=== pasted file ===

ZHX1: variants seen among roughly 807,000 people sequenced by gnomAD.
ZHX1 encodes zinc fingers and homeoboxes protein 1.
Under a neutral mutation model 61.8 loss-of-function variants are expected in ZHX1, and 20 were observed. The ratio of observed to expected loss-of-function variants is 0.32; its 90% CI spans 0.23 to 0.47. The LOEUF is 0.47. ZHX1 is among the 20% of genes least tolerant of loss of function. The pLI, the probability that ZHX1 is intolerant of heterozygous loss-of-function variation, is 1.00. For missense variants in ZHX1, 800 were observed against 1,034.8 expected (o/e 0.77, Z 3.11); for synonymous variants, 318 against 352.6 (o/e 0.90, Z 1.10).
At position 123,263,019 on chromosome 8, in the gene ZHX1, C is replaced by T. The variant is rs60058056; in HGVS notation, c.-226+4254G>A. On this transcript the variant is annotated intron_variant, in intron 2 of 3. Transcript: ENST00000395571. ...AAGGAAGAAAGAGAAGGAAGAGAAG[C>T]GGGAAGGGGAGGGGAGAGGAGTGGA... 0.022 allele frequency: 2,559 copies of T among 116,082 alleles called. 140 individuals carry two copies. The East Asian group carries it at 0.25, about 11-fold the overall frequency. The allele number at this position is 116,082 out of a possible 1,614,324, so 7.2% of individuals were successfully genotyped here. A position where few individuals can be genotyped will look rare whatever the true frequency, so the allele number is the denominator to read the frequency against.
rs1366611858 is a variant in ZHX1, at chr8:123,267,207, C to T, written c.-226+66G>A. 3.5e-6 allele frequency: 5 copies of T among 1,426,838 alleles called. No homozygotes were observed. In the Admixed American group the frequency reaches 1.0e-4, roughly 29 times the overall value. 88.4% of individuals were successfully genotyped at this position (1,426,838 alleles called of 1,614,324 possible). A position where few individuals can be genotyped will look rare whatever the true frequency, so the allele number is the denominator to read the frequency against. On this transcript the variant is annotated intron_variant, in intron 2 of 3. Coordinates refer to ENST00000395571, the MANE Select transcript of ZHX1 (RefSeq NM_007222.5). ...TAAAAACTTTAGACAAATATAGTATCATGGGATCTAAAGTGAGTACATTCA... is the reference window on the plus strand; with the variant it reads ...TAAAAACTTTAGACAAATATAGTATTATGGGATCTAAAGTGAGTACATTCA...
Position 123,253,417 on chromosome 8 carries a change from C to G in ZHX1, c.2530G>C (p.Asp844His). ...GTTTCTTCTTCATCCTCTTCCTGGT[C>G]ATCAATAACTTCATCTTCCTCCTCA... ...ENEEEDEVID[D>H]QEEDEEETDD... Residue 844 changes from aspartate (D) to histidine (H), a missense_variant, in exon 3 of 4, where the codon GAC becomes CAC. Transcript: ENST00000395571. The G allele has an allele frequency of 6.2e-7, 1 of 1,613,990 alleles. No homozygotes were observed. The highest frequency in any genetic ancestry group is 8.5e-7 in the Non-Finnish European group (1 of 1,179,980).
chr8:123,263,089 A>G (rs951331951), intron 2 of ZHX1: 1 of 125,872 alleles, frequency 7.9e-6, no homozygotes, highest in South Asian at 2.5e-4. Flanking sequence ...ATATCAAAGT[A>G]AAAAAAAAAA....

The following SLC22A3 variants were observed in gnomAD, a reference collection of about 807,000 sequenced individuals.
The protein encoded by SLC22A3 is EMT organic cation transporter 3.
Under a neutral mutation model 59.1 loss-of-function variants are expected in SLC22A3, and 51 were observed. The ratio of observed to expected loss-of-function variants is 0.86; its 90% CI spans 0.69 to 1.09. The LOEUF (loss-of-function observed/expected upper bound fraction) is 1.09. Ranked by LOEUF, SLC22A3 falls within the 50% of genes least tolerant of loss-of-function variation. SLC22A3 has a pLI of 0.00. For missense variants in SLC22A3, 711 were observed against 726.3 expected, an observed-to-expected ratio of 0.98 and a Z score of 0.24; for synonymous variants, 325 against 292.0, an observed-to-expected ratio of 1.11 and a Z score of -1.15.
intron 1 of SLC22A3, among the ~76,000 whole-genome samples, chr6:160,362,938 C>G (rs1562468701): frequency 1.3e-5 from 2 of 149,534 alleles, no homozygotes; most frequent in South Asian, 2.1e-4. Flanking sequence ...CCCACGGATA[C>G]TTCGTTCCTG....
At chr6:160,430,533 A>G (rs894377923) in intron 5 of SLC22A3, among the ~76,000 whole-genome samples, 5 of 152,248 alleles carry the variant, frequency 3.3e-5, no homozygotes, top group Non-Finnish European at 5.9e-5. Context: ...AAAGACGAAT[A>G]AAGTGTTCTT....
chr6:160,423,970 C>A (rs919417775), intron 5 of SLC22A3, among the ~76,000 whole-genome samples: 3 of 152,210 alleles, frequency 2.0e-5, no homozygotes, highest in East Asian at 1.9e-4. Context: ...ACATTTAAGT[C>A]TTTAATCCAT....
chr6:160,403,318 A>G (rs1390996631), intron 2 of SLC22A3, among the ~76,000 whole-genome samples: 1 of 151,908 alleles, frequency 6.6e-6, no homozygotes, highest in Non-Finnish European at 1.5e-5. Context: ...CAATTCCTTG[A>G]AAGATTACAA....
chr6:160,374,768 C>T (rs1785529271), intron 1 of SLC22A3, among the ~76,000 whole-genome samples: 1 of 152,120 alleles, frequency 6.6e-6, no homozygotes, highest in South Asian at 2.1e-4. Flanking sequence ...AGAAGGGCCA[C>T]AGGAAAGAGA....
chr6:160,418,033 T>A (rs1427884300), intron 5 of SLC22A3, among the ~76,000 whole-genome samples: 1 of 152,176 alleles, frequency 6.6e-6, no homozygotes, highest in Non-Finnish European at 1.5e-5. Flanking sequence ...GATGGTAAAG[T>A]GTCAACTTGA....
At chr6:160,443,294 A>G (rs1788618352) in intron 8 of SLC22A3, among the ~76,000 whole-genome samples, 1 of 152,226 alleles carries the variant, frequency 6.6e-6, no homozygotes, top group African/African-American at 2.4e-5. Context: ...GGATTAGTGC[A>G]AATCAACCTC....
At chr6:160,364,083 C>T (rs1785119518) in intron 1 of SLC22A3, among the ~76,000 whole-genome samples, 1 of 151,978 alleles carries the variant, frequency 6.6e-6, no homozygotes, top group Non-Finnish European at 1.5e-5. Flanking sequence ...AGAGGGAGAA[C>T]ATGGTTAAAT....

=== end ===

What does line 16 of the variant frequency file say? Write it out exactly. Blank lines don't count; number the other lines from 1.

chr6:160,418,033 T>A (rs1427884300), intron 5 of SLC22A3, among the ~76,000 whole-genome samples: 1 of 152,176 alleles, frequency 6.6e-6, no homozygotes, highest in Non-Finnish European at 1.5e-5. Flanking sequence ...GATGGTAAAG[T>A]GTCAACTTGA....